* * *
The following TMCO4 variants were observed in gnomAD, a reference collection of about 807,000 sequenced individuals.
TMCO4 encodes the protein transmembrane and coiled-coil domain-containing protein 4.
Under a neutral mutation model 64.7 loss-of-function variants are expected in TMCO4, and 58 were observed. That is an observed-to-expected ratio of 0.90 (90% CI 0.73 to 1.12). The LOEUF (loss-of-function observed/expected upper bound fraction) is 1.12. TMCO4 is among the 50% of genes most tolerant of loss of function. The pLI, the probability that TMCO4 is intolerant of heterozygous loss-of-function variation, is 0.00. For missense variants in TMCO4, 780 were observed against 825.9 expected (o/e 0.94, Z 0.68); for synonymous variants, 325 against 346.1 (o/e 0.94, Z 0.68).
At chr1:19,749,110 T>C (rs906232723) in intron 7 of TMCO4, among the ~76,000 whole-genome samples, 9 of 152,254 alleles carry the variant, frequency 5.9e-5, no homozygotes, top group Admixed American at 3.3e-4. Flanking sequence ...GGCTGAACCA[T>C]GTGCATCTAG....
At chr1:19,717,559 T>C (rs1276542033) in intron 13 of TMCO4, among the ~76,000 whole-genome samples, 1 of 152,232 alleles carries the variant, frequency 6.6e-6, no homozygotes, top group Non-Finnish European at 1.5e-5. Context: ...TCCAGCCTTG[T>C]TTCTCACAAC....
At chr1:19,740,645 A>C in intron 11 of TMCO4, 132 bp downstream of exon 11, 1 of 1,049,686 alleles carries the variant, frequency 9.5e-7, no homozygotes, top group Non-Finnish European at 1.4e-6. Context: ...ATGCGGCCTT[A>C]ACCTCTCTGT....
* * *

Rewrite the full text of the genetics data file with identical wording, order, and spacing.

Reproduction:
The following TMCO4 variants were observed in gnomAD, a reference collection of about 807,000 sequenced individuals.
TMCO4 encodes the protein transmembrane and coiled-coil domain-containing protein 4.
Under a neutral mutation model 64.7 loss-of-function variants are expected in TMCO4, and 58 were observed. That is an observed-to-expected ratio of 0.90 (90% CI 0.73 to 1.12). The LOEUF (loss-of-function observed/expected upper bound fraction) is 1.12. TMCO4 is among the 50% of genes most tolerant of loss of function. The pLI, the probability that TMCO4 is intolerant of heterozygous loss-of-function variation, is 0.00. For missense variants in TMCO4, 780 were observed against 825.9 expected (o/e 0.94, Z 0.68); for synonymous variants, 325 against 346.1 (o/e 0.94, Z 0.68).
At chr1:19,749,110 T>C (rs906232723) in intron 7 of TMCO4, among the ~76,000 whole-genome samples, 9 of 152,254 alleles carry the variant, frequency 5.9e-5, no homozygotes, top group Admixed American at 3.3e-4. Flanking sequence ...GGCTGAACCA[T>C]GTGCATCTAG....
At chr1:19,717,559 T>C (rs1276542033) in intron 13 of TMCO4, among the ~76,000 whole-genome samples, 1 of 152,232 alleles carries the variant, frequency 6.6e-6, no homozygotes, top group Non-Finnish European at 1.5e-5. Context: ...TCCAGCCTTG[T>C]TTCTCACAAC....
At chr1:19,740,645 A>C in intron 11 of TMCO4, 132 bp downstream of exon 11, 1 of 1,049,686 alleles carries the variant, frequency 9.5e-7, no homozygotes, top group Non-Finnish European at 1.4e-6. Context: ...ATGCGGCCTT[A>C]ACCTCTCTGT....